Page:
I see you, now you must die

The title is a summary of how a New Scientist article seems to interpret the fate of the universe. Basically, the article states that because we view the universe, we may be causing the collapse of wave functions that would otherwise be happily balanced between not alive and not dead (the Schrondinger’s litter of supernovae, dark energy, and many other phenomenas). Think of it this way, has a supernovae really gone off if no one was there to observe it, or alternatively if no one observed its light echo, the planets formed out of its waste products, or the nebula created when its shock wave interacts with the interstellar media. If no one ever observed any of these things, would the supernova exist? Thought questions like this have pretty much always been...

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The Improbable Universe

The Improbable Universe

Slide Show + Audio (.mp4) Transcript: This is a talk I originally prepared to present as part of the 2206-2007 convocation series at Illinois College. Since then I have given it before several other audiences, and with every presentation I’ve had more people ask, will this be online. Finally, I can saw yes. Here’s the link. Please enjoy. In today’s crazy world, it is easy to get lost in the details of our overly busy lives. There are projects, deadlines, business meetings and family meetings all demanding our attention. I suspect at least some of your employers have led you to believe their project should be the most important thing in your life right now. And I suspect that at least one person in your family has led you to believe that being at...

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Type 1a Supernoave: A Non-Standard Candle

Type 1a Supernoave: A Non-Standard Candle

One of the most exciting discoveries of astronomy in recent years was the measurement of an acceleration term in the universe’s rate of expansion. Announced by both the Supernova Cosmology Project at the Lawrence Berkeley National Laboratory and the High-z Supernova Search Team, these results at once confirmed one another an revolutionized how astronomers view the universe. This discovery meant, quite simply, that our universe will expand forever, tearing itself apart and ever increasing rates. Someday, the expansion of space will carry everything we are not gravitationally attached to so far away so fast that the light will get red-shifted beyond all easy (and perhaps even all possible) reach. (image credit: NASA, ESA, CXC, JPL-Caltech, J. Hester and A....

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Mostly Empty Space

Mostly Empty Space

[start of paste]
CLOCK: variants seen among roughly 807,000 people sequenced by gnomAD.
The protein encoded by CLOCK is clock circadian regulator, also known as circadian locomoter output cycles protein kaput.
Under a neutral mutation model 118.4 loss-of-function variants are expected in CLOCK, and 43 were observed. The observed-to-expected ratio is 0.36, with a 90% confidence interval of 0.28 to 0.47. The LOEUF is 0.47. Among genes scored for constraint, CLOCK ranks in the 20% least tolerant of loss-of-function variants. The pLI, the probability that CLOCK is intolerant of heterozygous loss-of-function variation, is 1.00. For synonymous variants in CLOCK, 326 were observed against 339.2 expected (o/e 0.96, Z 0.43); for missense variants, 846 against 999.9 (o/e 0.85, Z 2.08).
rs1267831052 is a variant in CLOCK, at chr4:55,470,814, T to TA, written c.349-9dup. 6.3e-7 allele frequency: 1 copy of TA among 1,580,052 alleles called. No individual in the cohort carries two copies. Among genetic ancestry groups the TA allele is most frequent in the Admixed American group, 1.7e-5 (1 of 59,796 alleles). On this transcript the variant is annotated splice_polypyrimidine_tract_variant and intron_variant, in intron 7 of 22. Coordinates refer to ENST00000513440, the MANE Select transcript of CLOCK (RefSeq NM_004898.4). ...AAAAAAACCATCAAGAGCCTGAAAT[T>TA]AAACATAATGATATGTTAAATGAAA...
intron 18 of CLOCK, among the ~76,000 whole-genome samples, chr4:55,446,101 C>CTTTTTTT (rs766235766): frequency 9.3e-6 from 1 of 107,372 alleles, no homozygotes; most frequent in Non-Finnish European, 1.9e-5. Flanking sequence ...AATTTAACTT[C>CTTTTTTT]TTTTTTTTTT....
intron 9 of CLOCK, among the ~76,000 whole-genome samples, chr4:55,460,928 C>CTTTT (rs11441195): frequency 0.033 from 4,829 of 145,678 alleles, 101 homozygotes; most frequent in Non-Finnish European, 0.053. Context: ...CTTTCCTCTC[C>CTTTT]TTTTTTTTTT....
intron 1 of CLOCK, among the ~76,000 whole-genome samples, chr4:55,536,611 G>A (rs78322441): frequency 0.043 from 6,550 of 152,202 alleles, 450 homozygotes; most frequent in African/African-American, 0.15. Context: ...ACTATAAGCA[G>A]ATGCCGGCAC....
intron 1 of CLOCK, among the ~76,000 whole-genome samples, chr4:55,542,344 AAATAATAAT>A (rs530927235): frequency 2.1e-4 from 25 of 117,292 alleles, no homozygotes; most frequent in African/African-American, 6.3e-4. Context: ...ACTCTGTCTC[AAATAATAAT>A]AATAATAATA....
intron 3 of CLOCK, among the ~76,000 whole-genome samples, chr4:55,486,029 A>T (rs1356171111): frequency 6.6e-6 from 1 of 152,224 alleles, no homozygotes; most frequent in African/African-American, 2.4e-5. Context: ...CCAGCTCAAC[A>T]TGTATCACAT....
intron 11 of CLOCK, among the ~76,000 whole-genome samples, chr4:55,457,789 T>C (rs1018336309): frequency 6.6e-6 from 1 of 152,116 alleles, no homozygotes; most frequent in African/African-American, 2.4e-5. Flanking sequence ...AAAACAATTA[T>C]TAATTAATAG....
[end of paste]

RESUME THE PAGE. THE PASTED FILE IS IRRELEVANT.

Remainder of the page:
When we look at the cosmic microwave background we see both overly warm and overly cold spots. The warm spots grew into places with a lot of stuff; namely our modern galaxies. The cold spots grew into places without a lot of stuff; these are cosmic voids. While we have known for a long time that some clusters are denser than other clusters, we hadn’t fully realized just how empty and large those voids could be. New research combining existing data from the Very Large Array in New Mexico (the array of telescopes in the movie “Contact”) and the Wilkinson Microwave Anisotropy Probe has shown their may be a void a billion years across in the direction of the constellation Eridanus. The way they found this possible void is really neat science. First...

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And it came from the CMB . . .

And it came from the CMB . . .

wmap_skymap.jpgFraser (my co-host over at Astronomy Cast) and I like to joke about how everything we know in astronomy we know because of the Cosmic Microwave Background. How do we know the universe formed during the Big Bang? The CMB. How do we know the cosmic geometry is flat? The CMB. How do we know the mass distribution of the Oort Cloud? The CMB. How do we know where babies come from? The CMB.

Okay, so that last one is an exaggeration. As far as I know, human babies and the CMB have nothing in common. The remark about the Oort Cloud, however, may not always be as far fetched as it sounds. A group of scientists working at the Harvard-Smithsonian Center for Astrophysics, and lead by David Babich, have theorized a new technique for determining the mass distribution in the Oort cloud using distortions in the Cosmic Microwave Background.

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